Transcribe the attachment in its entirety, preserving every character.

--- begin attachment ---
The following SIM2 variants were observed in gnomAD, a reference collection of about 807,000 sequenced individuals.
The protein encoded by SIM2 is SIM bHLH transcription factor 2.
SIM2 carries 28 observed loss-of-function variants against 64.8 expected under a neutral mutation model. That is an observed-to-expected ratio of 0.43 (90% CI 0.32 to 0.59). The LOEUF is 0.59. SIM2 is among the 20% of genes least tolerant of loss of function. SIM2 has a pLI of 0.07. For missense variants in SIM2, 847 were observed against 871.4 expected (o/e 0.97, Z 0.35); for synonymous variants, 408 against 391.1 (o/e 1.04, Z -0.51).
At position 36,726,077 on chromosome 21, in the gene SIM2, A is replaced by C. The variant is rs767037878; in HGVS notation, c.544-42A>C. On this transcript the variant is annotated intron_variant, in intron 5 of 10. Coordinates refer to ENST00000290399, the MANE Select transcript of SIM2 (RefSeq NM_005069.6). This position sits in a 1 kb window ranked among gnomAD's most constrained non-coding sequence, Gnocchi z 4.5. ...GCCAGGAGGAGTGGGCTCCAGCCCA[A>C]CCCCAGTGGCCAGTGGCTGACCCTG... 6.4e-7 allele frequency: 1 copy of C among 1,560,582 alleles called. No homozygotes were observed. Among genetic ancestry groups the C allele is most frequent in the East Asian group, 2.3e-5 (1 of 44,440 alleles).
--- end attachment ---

The following SIM2 variants were observed in gnomAD, a reference collection of about 807,000 sequenced individuals.
The protein encoded by SIM2 is SIM bHLH transcription factor 2.
SIM2 carries 28 observed loss-of-function variants against 64.8 expected under a neutral mutation model. That is an observed-to-expected ratio of 0.43 (90% CI 0.32 to 0.59). The LOEUF is 0.59. SIM2 is among the 20% of genes least tolerant of loss of function. SIM2 has a pLI of 0.07. For missense variants in SIM2, 847 were observed against 871.4 expected (o/e 0.97, Z 0.35); for synonymous variants, 408 against 391.1 (o/e 1.04, Z -0.51).
At position 36,726,077 on chromosome 21, in the gene SIM2, A is replaced by C. The variant is rs767037878; in HGVS notation, c.544-42A>C. On this transcript the variant is annotated intron_variant, in intron 5 of 10. Coordinates refer to ENST00000290399, the MANE Select transcript of SIM2 (RefSeq NM_005069.6). This position sits in a 1 kb window ranked among gnomAD's most constrained non-coding sequence, Gnocchi z 4.5. ...GCCAGGAGGAGTGGGCTCCAGCCCA[A>C]CCCCAGTGGCCAGTGGCTGACCCTG... 6.4e-7 allele frequency: 1 copy of C among 1,560,582 alleles called. No homozygotes were observed. Among genetic ancestry groups the C allele is most frequent in the East Asian group, 2.3e-5 (1 of 44,440 alleles).